Creating a Digital Ear

An array microphone does for microphones what your brain does for your ears. It gives them some intelligence. The general idea is that you take a set of microphones—which could be two, or eight, or thousands—and add a digital signal processor (DSP) chip with some sophisticated logic. The array microphone’s processor continuously figures out where the primary speaker is in the field of audio input it’s receiving, and selectively adjusts the output so that most of it is coming from the microphone that is getting the best signal. This amounts to “focusing” on a certain direction and distance so that the speaker’s voice, and little or no other noise, actually reaches the output. (Some array microphones are actually much more sophisticated than this, doing advanced noise cancellation and other tricks.)

The implication of this is that in principle, with an array microphone on the desk, a speaker can walk from side to side, or move backward or forward—and maintain the same level of accuracy in speech recognition as with a headset mic. But that’s in principle. Just as ordinary microphones vary in quality and sophistication, so do array mics. Some work well only at close distances; some cancel out certain kinds of noise better than others. As with anything, you get what you pay for—there are array mics that cost less than US$25, and those that cost well over $3,000. But even the most expensive array mics are only designed to pick a single speaker out of a background of noise; the all-important Star Trek tricks like distinguishing one speaker from another and intelligently distinguishing commands from conversation are problems for software to solve—and we still have some distance to go there.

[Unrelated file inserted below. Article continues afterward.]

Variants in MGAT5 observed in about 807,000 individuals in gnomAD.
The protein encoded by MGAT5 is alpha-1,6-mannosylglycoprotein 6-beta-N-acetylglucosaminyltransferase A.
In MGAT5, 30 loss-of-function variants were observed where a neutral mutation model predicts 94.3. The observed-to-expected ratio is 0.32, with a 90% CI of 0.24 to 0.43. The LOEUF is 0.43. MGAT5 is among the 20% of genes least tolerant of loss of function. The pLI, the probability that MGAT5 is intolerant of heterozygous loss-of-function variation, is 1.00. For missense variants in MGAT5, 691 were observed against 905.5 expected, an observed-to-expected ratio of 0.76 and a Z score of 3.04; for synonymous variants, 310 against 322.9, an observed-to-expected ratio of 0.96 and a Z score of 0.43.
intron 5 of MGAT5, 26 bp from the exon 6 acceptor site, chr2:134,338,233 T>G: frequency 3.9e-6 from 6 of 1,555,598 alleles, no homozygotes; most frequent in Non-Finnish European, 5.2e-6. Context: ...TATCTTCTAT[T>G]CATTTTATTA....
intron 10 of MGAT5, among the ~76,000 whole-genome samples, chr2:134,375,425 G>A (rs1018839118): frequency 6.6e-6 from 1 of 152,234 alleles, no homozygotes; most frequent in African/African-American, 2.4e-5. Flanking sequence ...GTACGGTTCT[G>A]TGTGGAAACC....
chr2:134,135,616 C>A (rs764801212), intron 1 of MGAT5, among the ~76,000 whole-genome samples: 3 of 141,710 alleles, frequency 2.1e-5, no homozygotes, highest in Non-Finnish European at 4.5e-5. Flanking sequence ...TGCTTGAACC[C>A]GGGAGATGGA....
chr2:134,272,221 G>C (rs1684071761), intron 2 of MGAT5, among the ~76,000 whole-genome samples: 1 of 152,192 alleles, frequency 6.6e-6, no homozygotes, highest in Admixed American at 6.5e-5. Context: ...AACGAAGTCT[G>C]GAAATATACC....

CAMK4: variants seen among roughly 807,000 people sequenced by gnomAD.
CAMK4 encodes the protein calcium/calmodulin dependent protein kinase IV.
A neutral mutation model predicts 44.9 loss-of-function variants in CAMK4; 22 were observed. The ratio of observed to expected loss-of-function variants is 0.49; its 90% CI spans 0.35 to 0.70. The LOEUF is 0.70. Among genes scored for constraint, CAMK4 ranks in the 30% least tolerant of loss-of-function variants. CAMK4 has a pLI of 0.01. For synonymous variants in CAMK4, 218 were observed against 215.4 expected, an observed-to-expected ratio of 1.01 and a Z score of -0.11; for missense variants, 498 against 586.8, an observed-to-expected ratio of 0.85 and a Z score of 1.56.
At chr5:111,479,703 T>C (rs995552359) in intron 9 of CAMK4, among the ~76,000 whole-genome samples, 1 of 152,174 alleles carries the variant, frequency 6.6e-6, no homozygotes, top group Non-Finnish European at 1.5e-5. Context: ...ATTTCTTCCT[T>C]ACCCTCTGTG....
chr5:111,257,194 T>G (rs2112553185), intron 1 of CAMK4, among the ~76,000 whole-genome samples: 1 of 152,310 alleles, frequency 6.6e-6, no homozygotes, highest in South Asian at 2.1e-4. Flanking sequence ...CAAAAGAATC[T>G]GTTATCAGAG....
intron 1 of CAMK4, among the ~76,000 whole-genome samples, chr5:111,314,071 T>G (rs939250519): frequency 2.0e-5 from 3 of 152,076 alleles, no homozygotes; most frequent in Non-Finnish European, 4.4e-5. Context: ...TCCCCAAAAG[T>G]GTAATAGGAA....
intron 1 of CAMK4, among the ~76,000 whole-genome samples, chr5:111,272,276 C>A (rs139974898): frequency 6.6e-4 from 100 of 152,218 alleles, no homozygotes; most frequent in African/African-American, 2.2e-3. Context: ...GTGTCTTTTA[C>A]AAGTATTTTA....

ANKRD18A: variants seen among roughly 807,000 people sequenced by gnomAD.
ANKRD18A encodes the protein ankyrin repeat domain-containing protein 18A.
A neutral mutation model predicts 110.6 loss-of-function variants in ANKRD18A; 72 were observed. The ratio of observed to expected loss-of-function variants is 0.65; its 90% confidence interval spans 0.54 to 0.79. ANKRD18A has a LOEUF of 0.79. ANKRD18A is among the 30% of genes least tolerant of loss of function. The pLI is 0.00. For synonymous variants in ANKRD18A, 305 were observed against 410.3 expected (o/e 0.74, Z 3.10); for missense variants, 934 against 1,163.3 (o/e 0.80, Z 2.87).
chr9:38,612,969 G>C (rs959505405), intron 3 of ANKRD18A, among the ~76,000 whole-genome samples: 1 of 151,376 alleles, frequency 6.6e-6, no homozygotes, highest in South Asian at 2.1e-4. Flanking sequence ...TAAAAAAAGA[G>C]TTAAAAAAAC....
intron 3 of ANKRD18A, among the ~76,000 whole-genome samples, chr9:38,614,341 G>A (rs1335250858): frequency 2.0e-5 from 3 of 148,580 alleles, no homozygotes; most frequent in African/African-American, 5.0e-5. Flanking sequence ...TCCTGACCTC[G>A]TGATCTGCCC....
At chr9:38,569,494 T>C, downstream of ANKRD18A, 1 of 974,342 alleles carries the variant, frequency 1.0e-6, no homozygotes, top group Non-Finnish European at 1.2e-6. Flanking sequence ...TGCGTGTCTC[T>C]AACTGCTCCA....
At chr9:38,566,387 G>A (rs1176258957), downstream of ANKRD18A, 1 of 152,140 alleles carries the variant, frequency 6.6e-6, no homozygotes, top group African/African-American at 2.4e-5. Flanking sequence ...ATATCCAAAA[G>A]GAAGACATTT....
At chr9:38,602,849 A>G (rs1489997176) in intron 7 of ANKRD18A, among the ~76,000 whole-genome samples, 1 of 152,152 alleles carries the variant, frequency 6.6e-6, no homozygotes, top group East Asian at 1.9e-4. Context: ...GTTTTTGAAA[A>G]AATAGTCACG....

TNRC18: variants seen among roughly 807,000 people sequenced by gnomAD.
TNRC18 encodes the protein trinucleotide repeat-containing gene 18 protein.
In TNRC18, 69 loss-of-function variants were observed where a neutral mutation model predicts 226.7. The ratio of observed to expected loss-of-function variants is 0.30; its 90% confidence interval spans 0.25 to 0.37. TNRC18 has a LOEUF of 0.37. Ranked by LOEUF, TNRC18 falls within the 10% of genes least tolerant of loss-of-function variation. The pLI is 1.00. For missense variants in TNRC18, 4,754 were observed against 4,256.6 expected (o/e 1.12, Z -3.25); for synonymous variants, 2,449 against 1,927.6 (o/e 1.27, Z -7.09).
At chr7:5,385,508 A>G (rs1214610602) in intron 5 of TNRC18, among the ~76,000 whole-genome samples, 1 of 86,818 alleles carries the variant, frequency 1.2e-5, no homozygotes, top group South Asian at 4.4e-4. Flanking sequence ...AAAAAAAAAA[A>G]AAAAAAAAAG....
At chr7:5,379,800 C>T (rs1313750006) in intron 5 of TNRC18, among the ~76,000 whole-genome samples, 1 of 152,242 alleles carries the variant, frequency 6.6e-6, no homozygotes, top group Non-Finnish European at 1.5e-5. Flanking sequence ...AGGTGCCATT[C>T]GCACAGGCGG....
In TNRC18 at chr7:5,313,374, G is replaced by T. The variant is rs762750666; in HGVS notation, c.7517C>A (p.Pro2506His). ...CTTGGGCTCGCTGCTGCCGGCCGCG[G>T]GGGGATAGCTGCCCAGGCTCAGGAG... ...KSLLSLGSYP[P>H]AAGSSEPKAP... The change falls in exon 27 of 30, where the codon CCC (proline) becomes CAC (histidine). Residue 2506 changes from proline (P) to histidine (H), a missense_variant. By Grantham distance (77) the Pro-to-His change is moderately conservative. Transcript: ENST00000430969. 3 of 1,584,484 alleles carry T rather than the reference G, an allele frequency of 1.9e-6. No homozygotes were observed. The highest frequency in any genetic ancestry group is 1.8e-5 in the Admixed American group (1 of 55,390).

An Array of Uses

Array microphones are used in numerous applications besides computer speech recognition. They are sometimes used in recording audio for films and TV shows, where extraneous noises are a no-no. And they can be used to improve group conference calls, to amplify the voices of performers in a play, or to pick up the voices of lecturers (or students) in large classrooms. Some hearing aids use an array of miniature microphones to help wearers focus on a single speaker in a noisy environment. You may also find array microphones in cars, where they’re used for hands-free phones. Home automation enthusiasts have been known to use microphone arrays—sometimes separate arrays in each room—so they can speak a command from anywhere in the house (“Turn kitchen lights on,” “Activate force field”), although smart speakers (with or without their own array microphones) are more commonly used now than a centralized processing system. In any case, progress! A few centuries more, and we may have the other speech recognition issues ironed out for good. Then we can move on to that whole warp drive problem.

Note: This is an updated version of an article that originally appeared on Interesting Thing of the Day on June 13, 2003, and again in a slightly revised form on October 11, 2004.